There is a time and place for micromanaging. During significant change, like when a new leader or manager steps in, a direct report is new to a job, or when a big new initiative is being implemented, some level of micromanagement is often necessary. Managers and leaders are responsible for things like level-setting, compliance, efficiency, and just a basic understanding of what everyone does and how they’re doing it. When things are shifting or leaders are trying to get up to speed, a certain degree of micromanaging is warranted. Yes, this is often pretty annoying, but it does not have to be a horrible experience.

Communication is key here. Leaders must be absolutely clear with their direct reports about why they are scrutinizing their work so meticulously, and further that this will not be the longterm practice. Keep the dialogue open and be sympathetic to their frustrations. People will frequently make more mistakes when they feel like someone is always looking over their shoulder. (Have you ever tried typing while someone is looking at your monitor?)

Having said that, micromanaging can go awry. Chronic micromanagers have a hard time letting go. It makes them feel too vulnerable. They might feel like it is their responsibility to have complete control over a broad and expanding scope or work, and ensure that no mistakes are made. Ever!

If you don’t trust anyone and everyone around you seems to be inept, the common denominator just might be you. Maybe you’re the problem.

A couple things to keep in mind here if you think you might be a chronic micromanager. First, check your ego. You ain’t that special. You don’t get to own everyone’s job even if you are their supervisor. If you don’t trust anyone and everyone around you seems to be inept, the common denominator just might be you. Maybe you’re the problem.

Second, be more tolerant of risk. Allowing people to fail when the stakes are not critical is vitally important to running a healthy organization. It’s how people learn, grow, and innovate. It’s up to effective leaders to create that environment, and letting go is the first step. Empower other people by giving them ownership of what they do.

There is a more nefarious side to micromanagement as well. There are some people who micromanage because they are empowered by watching their direct reports grow increasingly confused and debilitated over time. The more incompetence they can expose in other people, the more exalted they feel. To the less astute those micromanagers (let’s call them abusive micromanagers) can even appear to be quite impressive. Their supervisors and peers may listen to the abusive micromanager’s litany of frustrations and make the assumption that this person must be highly valuable to be able to carry the weight of so much incompetence on her shoulders. Abusive micromanagers will feed off this attention. It makes them feel like they have more power. And in fact they do. They rob otherwise capable people of their power by picking apart everything they do. The modus operandi here is to obsessively point out when someone else does something wrong, but give no direction on how to do it right or direction that is bewildering or absurd.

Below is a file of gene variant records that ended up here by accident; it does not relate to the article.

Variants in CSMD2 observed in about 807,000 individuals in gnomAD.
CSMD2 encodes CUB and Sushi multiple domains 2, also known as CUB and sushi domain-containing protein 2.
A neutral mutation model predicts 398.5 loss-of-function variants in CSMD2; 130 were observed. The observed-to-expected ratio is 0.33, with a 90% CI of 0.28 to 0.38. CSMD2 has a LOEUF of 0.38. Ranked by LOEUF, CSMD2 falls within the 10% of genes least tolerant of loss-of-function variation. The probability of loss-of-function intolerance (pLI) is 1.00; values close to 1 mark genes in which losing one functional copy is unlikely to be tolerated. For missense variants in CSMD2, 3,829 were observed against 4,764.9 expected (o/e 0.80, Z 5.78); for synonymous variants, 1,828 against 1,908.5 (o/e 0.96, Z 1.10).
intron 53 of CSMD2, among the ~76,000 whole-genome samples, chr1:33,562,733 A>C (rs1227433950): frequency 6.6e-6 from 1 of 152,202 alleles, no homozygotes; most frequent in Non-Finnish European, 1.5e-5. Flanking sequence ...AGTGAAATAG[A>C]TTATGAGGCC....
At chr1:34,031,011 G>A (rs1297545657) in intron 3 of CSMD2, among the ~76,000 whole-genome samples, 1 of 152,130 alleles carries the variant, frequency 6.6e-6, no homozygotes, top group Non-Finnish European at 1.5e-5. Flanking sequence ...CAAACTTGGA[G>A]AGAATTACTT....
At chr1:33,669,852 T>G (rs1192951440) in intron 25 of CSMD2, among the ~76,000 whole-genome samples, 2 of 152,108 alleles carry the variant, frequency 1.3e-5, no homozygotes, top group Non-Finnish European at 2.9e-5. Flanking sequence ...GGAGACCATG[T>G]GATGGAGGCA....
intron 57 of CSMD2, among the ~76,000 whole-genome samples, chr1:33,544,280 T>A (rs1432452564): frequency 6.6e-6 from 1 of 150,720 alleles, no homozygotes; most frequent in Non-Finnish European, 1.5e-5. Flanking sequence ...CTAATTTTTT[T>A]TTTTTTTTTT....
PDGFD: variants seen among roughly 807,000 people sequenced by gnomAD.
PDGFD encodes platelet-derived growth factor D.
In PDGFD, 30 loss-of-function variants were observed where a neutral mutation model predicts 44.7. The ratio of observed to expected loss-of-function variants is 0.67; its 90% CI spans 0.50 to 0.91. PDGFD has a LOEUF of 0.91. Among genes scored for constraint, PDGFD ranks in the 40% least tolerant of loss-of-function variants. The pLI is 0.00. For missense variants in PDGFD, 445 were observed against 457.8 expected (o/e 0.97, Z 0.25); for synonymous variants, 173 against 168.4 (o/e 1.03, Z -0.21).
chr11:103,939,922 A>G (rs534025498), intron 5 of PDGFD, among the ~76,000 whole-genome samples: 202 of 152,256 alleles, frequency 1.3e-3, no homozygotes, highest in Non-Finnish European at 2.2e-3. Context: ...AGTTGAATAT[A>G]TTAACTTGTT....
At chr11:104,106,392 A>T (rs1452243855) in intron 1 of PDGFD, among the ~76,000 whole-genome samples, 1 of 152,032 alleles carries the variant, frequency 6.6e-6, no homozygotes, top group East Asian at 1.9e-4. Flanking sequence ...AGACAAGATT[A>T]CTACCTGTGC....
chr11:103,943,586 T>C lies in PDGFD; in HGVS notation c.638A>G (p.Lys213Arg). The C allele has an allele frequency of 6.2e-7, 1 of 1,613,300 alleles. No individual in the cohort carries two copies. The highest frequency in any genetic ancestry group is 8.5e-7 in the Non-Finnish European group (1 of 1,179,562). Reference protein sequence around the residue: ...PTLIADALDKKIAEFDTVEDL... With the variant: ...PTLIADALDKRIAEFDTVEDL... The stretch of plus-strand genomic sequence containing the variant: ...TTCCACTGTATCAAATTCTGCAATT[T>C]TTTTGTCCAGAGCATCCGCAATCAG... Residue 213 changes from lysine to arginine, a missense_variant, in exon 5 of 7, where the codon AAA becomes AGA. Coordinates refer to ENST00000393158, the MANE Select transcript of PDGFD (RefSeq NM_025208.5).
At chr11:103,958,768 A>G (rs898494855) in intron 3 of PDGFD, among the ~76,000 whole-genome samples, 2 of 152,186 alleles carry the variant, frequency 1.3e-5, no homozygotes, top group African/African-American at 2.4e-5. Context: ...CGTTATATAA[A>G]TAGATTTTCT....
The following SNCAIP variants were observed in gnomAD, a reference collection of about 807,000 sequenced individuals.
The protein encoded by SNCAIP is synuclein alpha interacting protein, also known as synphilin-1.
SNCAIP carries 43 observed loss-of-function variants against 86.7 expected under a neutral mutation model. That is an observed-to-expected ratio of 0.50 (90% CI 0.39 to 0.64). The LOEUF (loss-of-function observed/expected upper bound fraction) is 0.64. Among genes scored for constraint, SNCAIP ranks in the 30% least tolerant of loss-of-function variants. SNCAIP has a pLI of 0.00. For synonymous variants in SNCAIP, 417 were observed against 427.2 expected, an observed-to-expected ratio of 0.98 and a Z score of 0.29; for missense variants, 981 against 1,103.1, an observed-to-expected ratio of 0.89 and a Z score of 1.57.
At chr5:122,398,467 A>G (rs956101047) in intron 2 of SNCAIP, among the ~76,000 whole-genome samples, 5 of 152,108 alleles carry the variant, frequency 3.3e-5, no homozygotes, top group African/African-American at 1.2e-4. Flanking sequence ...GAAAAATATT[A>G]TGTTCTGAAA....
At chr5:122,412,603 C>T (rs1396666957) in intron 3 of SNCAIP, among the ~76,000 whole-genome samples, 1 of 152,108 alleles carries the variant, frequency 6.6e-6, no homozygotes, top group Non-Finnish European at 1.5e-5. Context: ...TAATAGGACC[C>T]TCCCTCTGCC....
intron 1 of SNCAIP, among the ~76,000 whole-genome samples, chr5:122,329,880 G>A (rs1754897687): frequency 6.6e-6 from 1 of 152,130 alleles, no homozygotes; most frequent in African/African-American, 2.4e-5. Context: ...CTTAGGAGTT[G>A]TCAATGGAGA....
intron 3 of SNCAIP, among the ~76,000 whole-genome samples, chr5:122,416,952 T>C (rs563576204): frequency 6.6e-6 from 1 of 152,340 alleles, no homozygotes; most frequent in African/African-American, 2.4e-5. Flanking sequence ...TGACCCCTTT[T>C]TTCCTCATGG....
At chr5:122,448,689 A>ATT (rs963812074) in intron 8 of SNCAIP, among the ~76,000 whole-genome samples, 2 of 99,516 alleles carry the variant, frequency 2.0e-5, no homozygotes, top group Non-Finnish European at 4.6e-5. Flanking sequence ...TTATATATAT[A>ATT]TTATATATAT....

It is not too much to say that for some, being micromanaged, justified or not, can be traumatizing.

Being micromanaged can feel like your autonomy is being taken away and your competence questioned. People will feel patronized, belittled, and disrespected. They report feeling acute anxiety and high levels of stress, sometimes to a debilitating degree. This can be particularly true for people who have worked very hard over a number of years to establish themselves as respected experts and professionals in their field. Because these people are good at what they do, but they’re getting feedback that contradicts what they know about themselves to be true, it creates a cognitive dissonance that is crippling. This understandably starts to affect the quality of their work, which in turn supplies the abusive micromanager with real evidence of poor performance. From there it’s just a rapid downward spiral.

It is not too much to say that for some, being micromanaged, justified or not, can be traumatizing. For this reason, when the issue arises within any organization, it should be taken very seriously. Have an open and frank discussion. Consider hiring a trained mediator. Get the chronic micromanager a coach immediately. You can try to develop abusive micromanagers out of the practice, but chances are that person is a narcissist, in which case your best move is to off-board him ASAP.

If you are on the receiving end of that abusive relationship, you already know what you have to do. Hopefully you have resources and a mechanism for reporting abusive behavior and receiving counseling, but first and foremost, you need to start taking steps to get the hell out. Abusive micromanagement is insidious. It’s not like a physical attack that organizations recognize as clear grounds for dismissal. If someone does actually take action to help you, could mean a prolonged investigation or review of misconduct, which means you may have to suffer through even more abuse as everyone else tries to figure this thing out. Of course a lot of people are in situations where finding another job is a lot easier said than done, but do what you can to take control of the situation. Don’t forget that you do indeed have power. Move on. Do good where they recognize your value and appreciate your contributions.

 

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